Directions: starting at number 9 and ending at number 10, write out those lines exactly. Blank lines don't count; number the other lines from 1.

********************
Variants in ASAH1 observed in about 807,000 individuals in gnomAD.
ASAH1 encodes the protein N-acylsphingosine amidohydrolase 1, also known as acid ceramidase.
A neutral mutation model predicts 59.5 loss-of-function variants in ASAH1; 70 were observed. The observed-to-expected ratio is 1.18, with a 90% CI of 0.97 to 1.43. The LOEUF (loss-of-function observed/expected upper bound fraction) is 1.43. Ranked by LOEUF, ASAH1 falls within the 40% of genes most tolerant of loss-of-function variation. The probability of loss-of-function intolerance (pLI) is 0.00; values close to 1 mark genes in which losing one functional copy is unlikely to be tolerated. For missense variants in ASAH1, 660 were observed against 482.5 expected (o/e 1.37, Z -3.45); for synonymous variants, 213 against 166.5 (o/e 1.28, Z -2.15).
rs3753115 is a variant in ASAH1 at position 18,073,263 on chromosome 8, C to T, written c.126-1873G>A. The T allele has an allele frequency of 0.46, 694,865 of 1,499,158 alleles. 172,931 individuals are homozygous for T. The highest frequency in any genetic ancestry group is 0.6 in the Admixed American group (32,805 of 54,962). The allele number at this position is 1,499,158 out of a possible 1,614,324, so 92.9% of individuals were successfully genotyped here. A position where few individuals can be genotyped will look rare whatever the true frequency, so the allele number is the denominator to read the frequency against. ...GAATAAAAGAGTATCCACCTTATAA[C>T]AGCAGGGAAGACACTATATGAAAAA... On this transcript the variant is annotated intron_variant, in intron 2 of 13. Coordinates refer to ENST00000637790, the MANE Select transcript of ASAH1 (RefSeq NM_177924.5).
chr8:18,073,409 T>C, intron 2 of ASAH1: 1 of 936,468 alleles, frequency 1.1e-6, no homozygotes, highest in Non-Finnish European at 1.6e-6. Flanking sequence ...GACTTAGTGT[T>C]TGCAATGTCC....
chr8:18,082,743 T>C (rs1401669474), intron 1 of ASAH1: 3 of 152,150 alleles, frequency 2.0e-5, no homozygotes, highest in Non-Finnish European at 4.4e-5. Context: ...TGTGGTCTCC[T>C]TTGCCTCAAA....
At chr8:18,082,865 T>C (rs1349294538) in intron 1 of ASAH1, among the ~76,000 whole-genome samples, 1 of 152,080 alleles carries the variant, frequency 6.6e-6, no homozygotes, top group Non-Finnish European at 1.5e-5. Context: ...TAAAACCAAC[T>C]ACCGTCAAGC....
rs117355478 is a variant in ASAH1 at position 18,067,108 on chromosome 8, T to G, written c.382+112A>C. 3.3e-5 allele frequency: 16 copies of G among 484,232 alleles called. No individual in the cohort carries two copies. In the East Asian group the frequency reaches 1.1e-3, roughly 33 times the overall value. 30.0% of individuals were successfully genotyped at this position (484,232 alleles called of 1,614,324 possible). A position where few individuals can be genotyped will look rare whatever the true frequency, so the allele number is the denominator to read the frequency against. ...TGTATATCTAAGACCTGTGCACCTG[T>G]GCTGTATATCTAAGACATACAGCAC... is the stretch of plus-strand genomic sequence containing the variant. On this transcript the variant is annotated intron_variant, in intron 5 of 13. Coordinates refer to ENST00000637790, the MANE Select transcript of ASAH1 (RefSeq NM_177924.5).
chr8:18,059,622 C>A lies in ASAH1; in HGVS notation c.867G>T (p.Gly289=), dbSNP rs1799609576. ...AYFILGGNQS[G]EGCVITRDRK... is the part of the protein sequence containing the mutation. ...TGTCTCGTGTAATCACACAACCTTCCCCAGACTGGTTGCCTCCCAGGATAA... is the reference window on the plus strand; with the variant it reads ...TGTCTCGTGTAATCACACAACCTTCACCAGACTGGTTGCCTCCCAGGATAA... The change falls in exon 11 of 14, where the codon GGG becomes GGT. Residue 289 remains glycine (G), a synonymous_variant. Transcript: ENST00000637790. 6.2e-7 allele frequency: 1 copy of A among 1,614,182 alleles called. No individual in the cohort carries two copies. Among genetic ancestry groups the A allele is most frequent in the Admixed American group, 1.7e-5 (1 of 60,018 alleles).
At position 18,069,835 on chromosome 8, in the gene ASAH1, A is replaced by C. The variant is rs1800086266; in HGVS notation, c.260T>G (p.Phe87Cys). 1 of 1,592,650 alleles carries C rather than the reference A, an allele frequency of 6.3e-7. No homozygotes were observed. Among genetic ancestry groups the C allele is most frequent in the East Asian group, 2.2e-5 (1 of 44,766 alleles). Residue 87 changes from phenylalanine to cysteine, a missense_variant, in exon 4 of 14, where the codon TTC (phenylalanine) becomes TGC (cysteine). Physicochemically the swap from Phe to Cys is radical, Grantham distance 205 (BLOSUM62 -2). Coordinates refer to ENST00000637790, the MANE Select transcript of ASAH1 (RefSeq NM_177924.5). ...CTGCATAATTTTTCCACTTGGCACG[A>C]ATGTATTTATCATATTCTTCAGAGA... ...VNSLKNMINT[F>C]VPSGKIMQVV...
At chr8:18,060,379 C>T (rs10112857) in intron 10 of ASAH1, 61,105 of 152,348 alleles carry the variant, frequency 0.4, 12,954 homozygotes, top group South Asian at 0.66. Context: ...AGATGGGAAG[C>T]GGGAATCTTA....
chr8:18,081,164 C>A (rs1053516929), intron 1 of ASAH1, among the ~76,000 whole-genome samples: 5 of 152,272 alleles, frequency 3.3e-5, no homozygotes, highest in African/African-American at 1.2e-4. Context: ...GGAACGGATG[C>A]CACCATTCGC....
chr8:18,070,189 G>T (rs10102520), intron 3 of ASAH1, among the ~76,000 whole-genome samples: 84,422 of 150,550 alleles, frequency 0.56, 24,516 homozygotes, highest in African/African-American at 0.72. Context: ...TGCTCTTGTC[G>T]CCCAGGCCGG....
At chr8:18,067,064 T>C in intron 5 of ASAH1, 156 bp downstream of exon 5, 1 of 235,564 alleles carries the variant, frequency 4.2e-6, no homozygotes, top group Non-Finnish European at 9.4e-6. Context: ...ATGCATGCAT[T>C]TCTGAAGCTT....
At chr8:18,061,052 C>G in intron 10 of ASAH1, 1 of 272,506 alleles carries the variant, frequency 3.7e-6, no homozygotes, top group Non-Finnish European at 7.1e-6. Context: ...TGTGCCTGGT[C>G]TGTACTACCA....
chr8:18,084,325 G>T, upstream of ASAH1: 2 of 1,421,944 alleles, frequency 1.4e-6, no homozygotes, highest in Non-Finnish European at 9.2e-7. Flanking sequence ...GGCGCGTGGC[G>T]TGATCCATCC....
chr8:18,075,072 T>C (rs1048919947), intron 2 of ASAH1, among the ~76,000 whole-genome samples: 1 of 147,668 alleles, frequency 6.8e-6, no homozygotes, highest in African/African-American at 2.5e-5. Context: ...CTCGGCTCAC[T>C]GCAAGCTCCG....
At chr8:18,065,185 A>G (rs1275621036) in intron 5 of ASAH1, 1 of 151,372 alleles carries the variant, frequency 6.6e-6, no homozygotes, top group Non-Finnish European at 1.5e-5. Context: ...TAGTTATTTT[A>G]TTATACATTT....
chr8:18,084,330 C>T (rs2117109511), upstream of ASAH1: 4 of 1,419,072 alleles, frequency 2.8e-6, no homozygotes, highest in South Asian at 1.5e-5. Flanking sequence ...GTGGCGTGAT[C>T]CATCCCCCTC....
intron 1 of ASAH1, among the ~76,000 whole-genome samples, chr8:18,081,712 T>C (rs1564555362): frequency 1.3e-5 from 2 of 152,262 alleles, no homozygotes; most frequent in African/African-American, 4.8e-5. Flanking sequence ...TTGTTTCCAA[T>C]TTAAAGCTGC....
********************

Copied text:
chr8:18,059,622 C>A lies in ASAH1; in HGVS notation c.867G>T (p.Gly289=), dbSNP rs1799609576. ...AYFILGGNQS[G]EGCVITRDRK... is the part of the protein sequence containing the mutation. ...TGTCTCGTGTAATCACACAACCTTCCCCAGACTGGTTGCCTCCCAGGATAA... is the reference window on the plus strand; with the variant it reads ...TGTCTCGTGTAATCACACAACCTTCACCAGACTGGTTGCCTCCCAGGATAA... The change falls in exon 11 of 14, where the codon GGG becomes GGT. Residue 289 remains glycine (G), a synonymous_variant. Transcript: ENST00000637790. 6.2e-7 allele frequency: 1 copy of A among 1,614,182 alleles called. No individual in the cohort carries two copies. Among genetic ancestry groups the A allele is most frequent in the Admixed American group, 1.7e-5 (1 of 60,018 alleles).
At position 18,069,835 on chromosome 8, in the gene ASAH1, A is replaced by C. The variant is rs1800086266; in HGVS notation, c.260T>G (p.Phe87Cys). 1 of 1,592,650 alleles carries C rather than the reference A, an allele frequency of 6.3e-7. No homozygotes were observed. Among genetic ancestry groups the C allele is most frequent in the East Asian group, 2.2e-5 (1 of 44,766 alleles). Residue 87 changes from phenylalanine to cysteine, a missense_variant, in exon 4 of 14, where the codon TTC (phenylalanine) becomes TGC (cysteine). Physicochemically the swap from Phe to Cys is radical, Grantham distance 205 (BLOSUM62 -2). Coordinates refer to ENST00000637790, the MANE Select transcript of ASAH1 (RefSeq NM_177924.5). ...CTGCATAATTTTTCCACTTGGCACG[A>C]ATGTATTTATCATATTCTTCAGAGA... ...VNSLKNMINT[F>C]VPSGKIMQVV...